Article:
That is why at the time of writing they have not moved. Instead, they have allowed Kania a free hand to try a different strategy. It is one that relies on the threat of Russian invasion on the one hand, and on the other on co-opting the Catholic church and a section of the Solidarity leadership at the same time as scraping around in order to get enough resources together to alleviate the worst food shortages. The strategy is not a new one. It was, for instance, the one used by the former fascists who ran Spain to avoid a Portuguese-style explosion after Franco’s death. They offered a place in the political limelight to the leaders of the main organisations of the anti-fascist underground – the Communist Party, the Workers Commissions, the Socialist Party, the Basque and Catalan nationalist parties – in return for keeping the workers calm. And they ensured that rank-and-file workers were in a mood to accept the deal by pointing to the (exaggerated) danger of intervention by the extreme-right controlled army.
In Poland the Catholic church especially has shown itself willing to deal with the regime. In return for increased recognition for itself, it has begun preaching conciliation between the authorities and the mass movement. Early in December, as Moscow stepped up its pressure, the Polish bishops issued a statement condemning ‘actions which might expose the homeland to the danger of losing independence’. A church spokesman spelt out that the statement was aimed specifically at the leading dissident group, KOR, and the anti-Russian Confederation for an Independent Poland (Guardian, 13 December). Cardinal Wyszynski ‘appealed for restraint and social peace’. Prayers along these lines were said in every church in the country (Guardian, 15 December).
Shortly afterwards, a section of the Solidarity leadership repeated the same message. The best known leader, Lech Walesa told reporters, ‘Society wants order right now. We have to learn to negotiate rather than strike.’
So when the government arrested some Catholic nationalist oppositionists, Solidarity took no real action, although it formed a sub-committee in support of the prisoners. And when the courts deferred recognition of the Solidarity peasants’ union, the industrial leadership took no immediate national action – although workers in the South-East took token strike action.
Such calls for ‘social peace’ are very dangerous. Solidarity has gained its present strength because it has channelled behind it all the frustrations that have grown up under state capitalist rule – the resentments of millions of people at economic hardship, bureaucratic bullying, continual speed-up, petty corruption. If it tells those bearing such resentments to keep quiet, it is weakening its own base and preparing the ground for Kania or the Russians to move in to destroy the movement at a later stage. It is making the same mistake that the Dubcekites made in Prague immediately after the Russian invasion, of agreeing to oversee themselves the bureaucratic ‘normalisation’ that Brezhnev wanted.
Yet the chances of Kania’s strategy succeeding are not very great. In the case of Spain the transition to ‘democratic’ rule took place while the economy was still prospering, and the ‘sacrifices’ demanded of the workers was not very great. Perhaps more importantly, the social peace was enforced by a bureaucratised party, the Spanish Communist Party, with tens of thousands of dedicated, disciplined, followers and immense prestige after nearly 40 years of underground struggle. Solidarity is not (yet at least) that sort of bureaucratised, disciplined body. Its leaders were unknown workers six months ago and cannot cut themselves off from the rank and file that quickly, even if they want to. Although they bend one way under the pressure of the Russians, Kania and the church, they bend the other under the pressure of anger from below.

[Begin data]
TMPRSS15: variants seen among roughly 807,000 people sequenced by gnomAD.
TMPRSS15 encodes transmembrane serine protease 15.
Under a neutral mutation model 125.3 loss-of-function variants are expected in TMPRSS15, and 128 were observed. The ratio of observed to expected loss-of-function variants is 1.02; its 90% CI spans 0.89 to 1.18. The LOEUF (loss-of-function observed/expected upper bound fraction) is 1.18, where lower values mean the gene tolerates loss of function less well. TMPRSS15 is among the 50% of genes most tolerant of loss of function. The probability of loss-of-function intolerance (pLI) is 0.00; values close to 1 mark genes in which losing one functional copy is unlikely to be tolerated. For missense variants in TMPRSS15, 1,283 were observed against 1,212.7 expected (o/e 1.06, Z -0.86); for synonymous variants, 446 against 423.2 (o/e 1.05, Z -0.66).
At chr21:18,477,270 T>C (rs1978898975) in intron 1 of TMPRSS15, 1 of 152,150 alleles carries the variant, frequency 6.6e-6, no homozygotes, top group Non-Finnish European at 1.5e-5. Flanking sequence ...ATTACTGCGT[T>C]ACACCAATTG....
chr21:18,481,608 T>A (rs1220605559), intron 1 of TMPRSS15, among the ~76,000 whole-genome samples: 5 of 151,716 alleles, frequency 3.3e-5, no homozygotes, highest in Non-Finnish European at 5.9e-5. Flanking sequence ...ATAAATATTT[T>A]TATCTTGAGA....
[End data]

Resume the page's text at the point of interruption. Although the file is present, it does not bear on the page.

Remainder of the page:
At the same time, the organisation of economic aid is not going as well as Kania would wish. The West Europeans want to help him out – both because they are afraid an upheaval in Poland would damage their growing trade with the Eastern bloc and because their bankers want to get back the money they’ve already lent. But the Russians are distrustful of any greater dependence of Poland on the West. They fear that this will begin to translate itself into political independence from themselves. They have been trying to exploit the crisis so as to push up Poland’s trade with the rest of Comecon (currently only two thirds of its trade with the West).
In such circumstances, it, is by no means certain even that Kania will get the food he needs to stop the queues in the streets of Warsaw turning nasty, with more strikes and, perhaps, riots.
The odds are that his overall strategy will fail. There will be more upheavals and confrontations. The regime will be faced again with the choice between diluting its own power and organising for repression. The Russians will get more and more jittery.
When this point is reached, the likelihood of Russian military intervention will be very great indeed. The costs will be high to the Russians, perhaps disastrously high. But that does not mean they will not intervene. It only indicates that the crisis in the Eastern bloc has reached a point where any option could open the door to revolutionary upheaval.
One final point. If the Russians do go in, the Americans are going to respond very differently to 1956 and 1968. They want an excuse to escalate the Cold War still further and to disrupt what they see as the potential danger of West Germany becoming too dependent upon Russia for its supplies of energy. And so, although they will not move militarily, they will mount a huge ideological barrage, portraying Russia as the greatest danger in the world.
It will be up to socialists to resist this barrage by joining opposition to Russian imperialism in Poland to opposition to US imperialism in Central America and elsewhere. We will need to polish up the old slogans: ‘Imperialism Out, East and West’, ‘Neither Washington Nor Moscow, But International Socialism’.
Last updated on 15 May 2010